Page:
Family values

by CarlD

Been a long day introducing all three of my introductory World History sections to structure/agency analysis, Rachel isn’t home yet, so I’m vegging out, grazing on bloggery and half-watching the Carolina Hurricanes play the New York Rangers. It’s intermission and the standard star interview with Eric Staal.

Staal has two brothers who also play hockey in the NHL, Marc with the Rangers and Jordan with the Penguins, who the Hurricanes beat recently. The interviewer wants to know why Eric seems to play with special intensity against his brothers’ teams. Eric chuckles and says something about being competitive and not wanting to be beaten by your siblings.

There you have it, the old sibling-rivalry cliché. One of many readymades in a routine sports interview. Hardly worth noticing, so why did I notice it?

Well, I’m also paying some attention to the Australian Open. Among the tournament’s attractions are the Williams sisters, two of the best tennis players in history, and normally it’s a great pleasure to watch them work. Yet I consider it merciful that Venus Williams was upset early, because now they won’t end up playing each other and we won’t have to listen to yet another tiresome rehearsal of how hard that is for them when they love each other so much and feel the pain of each others’ losses so keenly.

One situation, two diametrically opposite clichés: fun to beat siblings, painful to beat siblings. Both presented as if they’re self-evident.

I don’t question the emotional authenticity of either side. The Staals and the Williamses are by all accounts both loving, close-knit families. There’s no easy win for one of these perspectives on a family values basis. Nor am I ethically moved by the Williams sisters’ narrow show of empathy. Like hockey, tennis is a competitive sport; their success in it depends on beating other people’s sisters every day. I imagine the Staals would consider fretting about each others’ delicate feelings a bit insulting. Bring it, dude.

In short, I’m inclined to consider this one of those instances of genuinely arbitrary cultural style, like whether there are one, two or six sexes or whether we can eat cows, dogs and beetle larvae. But there’s more. It’s also worth considering that the two discourses might be gendered, with the Staals performing tough masculinity and the Williamses emotive femininity. Race and class also raise the stakes: the farmboy white guy Staals have no need of categorical solidarity in a working-class white guy sport, whereas the poor, black Williams family have always understood themselves to be embattled outsiders in a rich, white, country club sport. In fact, my impression is that their narrative of family solidarity has faded in direct proportion to their sense of success and acceptance.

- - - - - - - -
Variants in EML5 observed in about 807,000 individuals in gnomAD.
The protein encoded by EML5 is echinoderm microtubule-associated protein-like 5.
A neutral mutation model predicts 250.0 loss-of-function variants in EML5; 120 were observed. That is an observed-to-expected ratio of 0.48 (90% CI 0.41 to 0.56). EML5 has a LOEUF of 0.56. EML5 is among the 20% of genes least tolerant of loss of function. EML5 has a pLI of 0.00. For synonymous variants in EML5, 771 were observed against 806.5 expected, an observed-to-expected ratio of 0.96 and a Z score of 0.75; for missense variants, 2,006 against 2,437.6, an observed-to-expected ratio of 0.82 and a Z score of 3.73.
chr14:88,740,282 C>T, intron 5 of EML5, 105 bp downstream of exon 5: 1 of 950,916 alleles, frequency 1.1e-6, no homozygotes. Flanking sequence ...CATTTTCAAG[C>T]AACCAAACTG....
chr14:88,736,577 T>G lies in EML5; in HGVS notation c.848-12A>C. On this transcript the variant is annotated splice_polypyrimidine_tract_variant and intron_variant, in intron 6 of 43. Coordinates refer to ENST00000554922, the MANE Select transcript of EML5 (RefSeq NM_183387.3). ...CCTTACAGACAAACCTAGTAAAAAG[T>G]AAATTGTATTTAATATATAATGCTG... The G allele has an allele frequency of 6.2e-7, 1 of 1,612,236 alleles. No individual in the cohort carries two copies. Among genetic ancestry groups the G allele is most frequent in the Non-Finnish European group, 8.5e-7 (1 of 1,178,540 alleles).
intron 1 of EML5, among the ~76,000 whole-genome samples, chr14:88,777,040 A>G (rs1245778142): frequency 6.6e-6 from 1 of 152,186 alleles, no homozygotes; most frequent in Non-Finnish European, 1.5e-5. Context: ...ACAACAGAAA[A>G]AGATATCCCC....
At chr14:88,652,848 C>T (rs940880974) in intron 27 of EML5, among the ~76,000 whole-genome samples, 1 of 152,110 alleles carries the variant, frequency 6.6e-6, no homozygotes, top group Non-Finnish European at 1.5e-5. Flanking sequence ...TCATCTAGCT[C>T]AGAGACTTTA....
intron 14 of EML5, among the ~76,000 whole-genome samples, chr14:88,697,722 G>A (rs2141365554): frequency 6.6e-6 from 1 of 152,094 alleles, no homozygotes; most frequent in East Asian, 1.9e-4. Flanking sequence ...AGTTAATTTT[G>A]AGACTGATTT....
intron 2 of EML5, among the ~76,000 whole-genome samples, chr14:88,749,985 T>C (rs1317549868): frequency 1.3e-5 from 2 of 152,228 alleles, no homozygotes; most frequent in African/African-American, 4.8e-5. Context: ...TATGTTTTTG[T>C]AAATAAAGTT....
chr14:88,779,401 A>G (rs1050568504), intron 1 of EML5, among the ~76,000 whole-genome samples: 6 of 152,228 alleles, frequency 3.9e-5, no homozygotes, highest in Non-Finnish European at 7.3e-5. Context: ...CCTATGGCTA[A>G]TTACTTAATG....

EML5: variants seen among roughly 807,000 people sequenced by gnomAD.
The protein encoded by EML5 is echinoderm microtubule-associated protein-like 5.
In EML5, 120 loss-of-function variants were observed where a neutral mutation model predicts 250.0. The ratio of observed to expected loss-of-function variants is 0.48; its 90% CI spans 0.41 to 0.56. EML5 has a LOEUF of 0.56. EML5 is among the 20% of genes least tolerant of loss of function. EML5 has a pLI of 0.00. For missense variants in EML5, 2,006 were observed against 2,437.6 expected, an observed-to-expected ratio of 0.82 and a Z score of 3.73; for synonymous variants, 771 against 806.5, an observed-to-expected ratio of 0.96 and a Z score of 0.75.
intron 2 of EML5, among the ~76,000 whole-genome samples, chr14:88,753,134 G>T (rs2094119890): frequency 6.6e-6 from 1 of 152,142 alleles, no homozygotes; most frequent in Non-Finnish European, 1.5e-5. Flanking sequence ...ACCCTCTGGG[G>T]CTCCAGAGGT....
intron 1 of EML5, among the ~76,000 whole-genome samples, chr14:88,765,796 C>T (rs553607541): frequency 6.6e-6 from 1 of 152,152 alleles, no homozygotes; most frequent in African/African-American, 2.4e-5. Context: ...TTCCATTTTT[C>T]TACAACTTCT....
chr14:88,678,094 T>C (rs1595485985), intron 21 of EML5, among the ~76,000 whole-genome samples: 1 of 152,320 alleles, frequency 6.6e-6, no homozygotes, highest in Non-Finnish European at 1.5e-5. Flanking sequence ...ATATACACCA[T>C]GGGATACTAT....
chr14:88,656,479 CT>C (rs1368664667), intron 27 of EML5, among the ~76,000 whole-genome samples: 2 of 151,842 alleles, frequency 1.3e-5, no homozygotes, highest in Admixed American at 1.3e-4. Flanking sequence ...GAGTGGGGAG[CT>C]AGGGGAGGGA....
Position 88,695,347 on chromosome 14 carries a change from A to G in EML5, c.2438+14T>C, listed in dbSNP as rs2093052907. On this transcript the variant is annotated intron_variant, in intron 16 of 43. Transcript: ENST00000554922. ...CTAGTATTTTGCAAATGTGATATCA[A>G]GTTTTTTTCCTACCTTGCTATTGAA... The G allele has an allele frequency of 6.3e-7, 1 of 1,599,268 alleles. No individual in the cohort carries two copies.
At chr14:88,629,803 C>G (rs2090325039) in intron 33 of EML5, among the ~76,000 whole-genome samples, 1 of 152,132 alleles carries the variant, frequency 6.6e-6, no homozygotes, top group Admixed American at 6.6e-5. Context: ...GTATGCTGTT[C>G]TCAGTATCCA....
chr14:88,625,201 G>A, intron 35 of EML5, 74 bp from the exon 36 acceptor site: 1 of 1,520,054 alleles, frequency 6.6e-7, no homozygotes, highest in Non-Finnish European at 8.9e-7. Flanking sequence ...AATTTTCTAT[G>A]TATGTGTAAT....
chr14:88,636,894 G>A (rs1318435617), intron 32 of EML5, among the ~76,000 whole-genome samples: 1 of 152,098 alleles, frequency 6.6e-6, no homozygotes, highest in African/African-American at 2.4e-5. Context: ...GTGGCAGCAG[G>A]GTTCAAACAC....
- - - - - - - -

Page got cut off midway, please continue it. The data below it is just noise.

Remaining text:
Does any of this explain why both family values narratives can be unproblematically presented as self-evident? That’s what fascinates me, and I’m not sure I understand it at all.

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9 Comments to “Family values”

  1. Shopping “as a family” in one of the blogs I sort of follow means shopping in a one-race, one-class environment.

  2. Quite so! To paraphrase Dan quoting Kurt Vonnegut here recently: One blog is not a family; it’s a terribly vulnerable cultural unit. Now those who shop in one blog, when you find it unsatisfactory, what you will be saying to the other actually is, ”You’re not enough people. You’re only one person. I should have hundreds of people around.”

  3. I see a future for competitive shopping though, it would be so much quicker…

  4. That’s sort of the Ebay concept I guess, but something more up close and immediate would be even better. Like a flea market with shoulder pads and a penalty box. Actually, I’ve been to flea markets like that come to think of it.

  5. I’ve try this technique where I glance at the list and say: “Ok, I’ll get these 5 items, while you’re getting these!” But it always ends up me running around the store impressing myself with intricate knowledge of where stuff is only to come back to my co-shopper and find her staring at a tomato or something – no competitive spirit at all…

  6. Well and then there’s the whole comparison-shopping thing where you have to read the labels, deconstruct the ingredients (does the msg undermine the fiber), semiotic analysis of color palette (clean metallic modern vs. warm traditional, e.g.), consider the historical trajectory of pricing, class implications of store brand vs. national brand. It’s really quite the test, do not try this at home….

  7. “competitive shopping”

    Sounds like Friday afternoon at Mahaneh Yehuda Market in Jerusalem…

  8. That last comment should surely secure my bourgeois “affectedness.” In your face, Mikhail.

  9. That’s it Shahar, go all meta on our meta. Competing about the conditions of competition, harrumph.

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